Grooming is an essential part of the care you need to undertake with your dog for their health and wellbeing. This applies to short-coated or smooth breeds as well as those will lots of hair. It should be a pleasurable experience that builds a good relationship with your dog.
When to start dog grooming?
Grooming should start as soon as you get your new dog. If it is a young puppy then the introduction to grooming should be undertaken before they reach 16 weeks old and this will include short trips to the grooming salon.
When to start puppy grooming?
Keep it short. Don’t attempt to groom all your puppy in one go, and this applies to the salon visits too. This is likely to overwhelm them and make it harder on the next occasion. Pairing the experience with some tasty food; something they can lick that will last a while. Cream cheese, baby food, peanut butter (ensure it does not contain Xylitol which is toxic for dogs) or wet dog food. Lickimats are great for this but you can easily spread it on a floor or table leg. If your puppy tries to move away, then allow him to. Don’t be tempted to restrain them. Giving them some control will make things much easier in the future. TIP: if they stay with you and happily eat then continue the grooming, if they move away that is your signal to stop for the day.
Introduce them to water as early as possible. Begin with rewarding them for stepping on a wet towel, move the wet towel to the bath or shower cubicle, add a few centimetres of water, trickle water on a leg etc. A small step at a time is the key and associate each stage with food. Only move forward when they are comfortable with the existing step TIP: a visit to the sea is an opportunity for them to encounter water. Don’t use force but allow them to paddle if they wish.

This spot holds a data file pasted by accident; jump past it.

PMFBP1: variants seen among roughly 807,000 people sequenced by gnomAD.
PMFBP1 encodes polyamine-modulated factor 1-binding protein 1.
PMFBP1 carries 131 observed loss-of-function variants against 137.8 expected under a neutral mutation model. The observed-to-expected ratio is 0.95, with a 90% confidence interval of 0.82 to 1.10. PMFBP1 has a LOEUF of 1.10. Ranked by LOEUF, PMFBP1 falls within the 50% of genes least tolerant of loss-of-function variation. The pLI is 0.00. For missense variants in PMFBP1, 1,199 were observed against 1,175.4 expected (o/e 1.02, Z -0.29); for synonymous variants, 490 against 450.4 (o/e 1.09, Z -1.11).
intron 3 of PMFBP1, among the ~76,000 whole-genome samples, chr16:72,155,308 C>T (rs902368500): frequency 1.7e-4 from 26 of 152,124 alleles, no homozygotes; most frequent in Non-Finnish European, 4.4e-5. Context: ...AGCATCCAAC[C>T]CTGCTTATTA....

Dogs of all ages should be introduced to grooming at their own pace, so the same guidelines apply as for puppies. If you have a dog who is already exhibiting signs of stress or fearfulness with grooming then you can try to use the puppy introduction method with them, using food to make good associations. If the dog is growling, snapping or biting then the assistance of a behaviourist or Fear Free Groomer TM will be required. Remember that your dog will need grooming throughout its life so making it a good experience is essential for his well-being.
Dog coat types
Dogs with smooth coats require minimal grooming; however, a daily health check for ticks, grass seeds etc is still important. A regular brush with a rubber brush or grooming mitt will usually suffice and an occasional bath if you feel they need it. Example breeds: smooth dachshund, Weimaraner, pointer.
This group includes a variety of breeds with differing grooming needs. Some of the breed have very tight coats that are very hard to brush and are regularly clipped short such as a Spanish Water Dog. Others such as a curly-coated retriever require regular brushing to remove dead hair. Example breeds: Portuguese Water Dog, Irish Water Spaniel Lagotto Romagnolo
Wire haired breeds are traditionally hand stripped that involves the pulling out of the dead hair by hand. A wire coat requires this twice per year when the coat is very long and unruly, know as a ‘blown’ coat. The dead hair comes out very easily when ready. Wire-haired dogs can also be clipped, and this is a good option for dogs that dislike hand stripping and for owners who like to keep their dogs looking neat. Example breeds: Border Terrier, Wire-haired Fox Terriers, Dachshunds and Jack Russell